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DESCRIPTION of the SYSTEM
3. 1. Design Calculations for Gas Absorber
3. 2. Calculations of Ca(OH)2 Consumption
3. 3. Filtration of CaSO4 Particulates
4. 4. Mixing and Agitation of Ca(OH)2 mixture
L ITERATURE SURVEY
4. 1. Types and Sources of Air Pollutants
4. 2. Experimental Adsorption Studies
4. 3. Philippine Clean Air Act
5. 1. Desulfurization – Denitrification
by Electron Beam
5. 2. Seawater Scrubbing Process
5. 3. Dry Seletive Catalytic Reductions
5. 4. The Adsorption Process
6. 1. Air Pollution by M. N. Rao & H. V. Rao
6. 2. Stoichiometry by B. I. Bhatt & S. M. Vora
6. 3. Principles of Unit Operations by Alan S. Foust
6. 4. Perry Chemical Handbook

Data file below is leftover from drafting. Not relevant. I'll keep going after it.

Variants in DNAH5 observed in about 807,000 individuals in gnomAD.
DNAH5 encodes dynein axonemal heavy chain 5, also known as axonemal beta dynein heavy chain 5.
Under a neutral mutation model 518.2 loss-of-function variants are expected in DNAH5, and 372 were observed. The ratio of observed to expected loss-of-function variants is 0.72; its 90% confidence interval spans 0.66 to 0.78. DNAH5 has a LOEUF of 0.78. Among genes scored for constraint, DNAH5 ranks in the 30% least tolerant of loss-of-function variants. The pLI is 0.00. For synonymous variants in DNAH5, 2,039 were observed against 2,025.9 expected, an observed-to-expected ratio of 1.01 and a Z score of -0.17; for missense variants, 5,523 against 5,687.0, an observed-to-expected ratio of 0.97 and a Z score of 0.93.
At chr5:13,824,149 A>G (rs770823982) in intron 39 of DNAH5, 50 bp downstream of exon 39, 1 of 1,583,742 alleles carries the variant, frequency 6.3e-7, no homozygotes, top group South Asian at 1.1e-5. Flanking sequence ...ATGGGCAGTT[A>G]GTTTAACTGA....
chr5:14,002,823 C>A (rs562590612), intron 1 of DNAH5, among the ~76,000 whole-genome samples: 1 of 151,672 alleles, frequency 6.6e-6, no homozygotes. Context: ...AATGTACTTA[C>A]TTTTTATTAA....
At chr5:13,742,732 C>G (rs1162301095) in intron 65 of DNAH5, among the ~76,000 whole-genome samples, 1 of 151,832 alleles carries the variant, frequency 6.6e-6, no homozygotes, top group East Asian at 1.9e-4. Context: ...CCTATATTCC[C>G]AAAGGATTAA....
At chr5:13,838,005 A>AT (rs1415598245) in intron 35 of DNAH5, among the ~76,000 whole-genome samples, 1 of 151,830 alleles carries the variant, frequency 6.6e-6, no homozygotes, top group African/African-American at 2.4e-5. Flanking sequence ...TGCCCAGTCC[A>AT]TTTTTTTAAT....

has been labeled by man as “ POLLUTANT”. Burning of fossil fuels such as coal. is a dynamic system that continuously absorbs a wide range of solids. oceans and a receptor such as man. NOx and other pollutant to the atmosphere whereby a chemical reaction with air and water which will result as an acid or any other forms of toxic materials. that it becomes a major concern for the whole mankind. Pollution in the environment have affected human beings. That portion of these substances which interacts with the environment have cause disease. physiological effects or environmental decay. King Edward I issued a royal proclamation punishing any violator which states “Whoever shall be found guilty of burning coal shall suffer the loss of his head“. which was the first significant change in man’s effect to the environment and pollution already exist at that time. animals and plants. cooking and to provide light. Most of these constituents find there ways into a depository such as rivers. SOx. liquid and solid waste. which makes up the largest fraction of the biosphere. . Food and Pharmaceutical Products and other Processing Plants. the attendant pollution problems also increase proportionately. and react with one another both physically and chemically. aesthetic distress. In 1306. liquids and gases from both natural and man-made sources. In 1273.1. In general. the British Parliament passed an Act forbidding the burning of coal in London because it was beginning to pollute the atmosphere. a man was beheaded for violating such proclamation but later such proclamation were disregarded as industrial revolution took place in England. lakes. air and water becomes polluted with different chemicals in the forms of gases. INTRODUCTION The demand for energy in the industrial sector. Atmosphere. oil fuel and natural gas can produced. particularly in Power Plants. Man-made substances travel through air and disperse. Man discover fire for heating. the action of man are the primary cause of pollution and as population increases.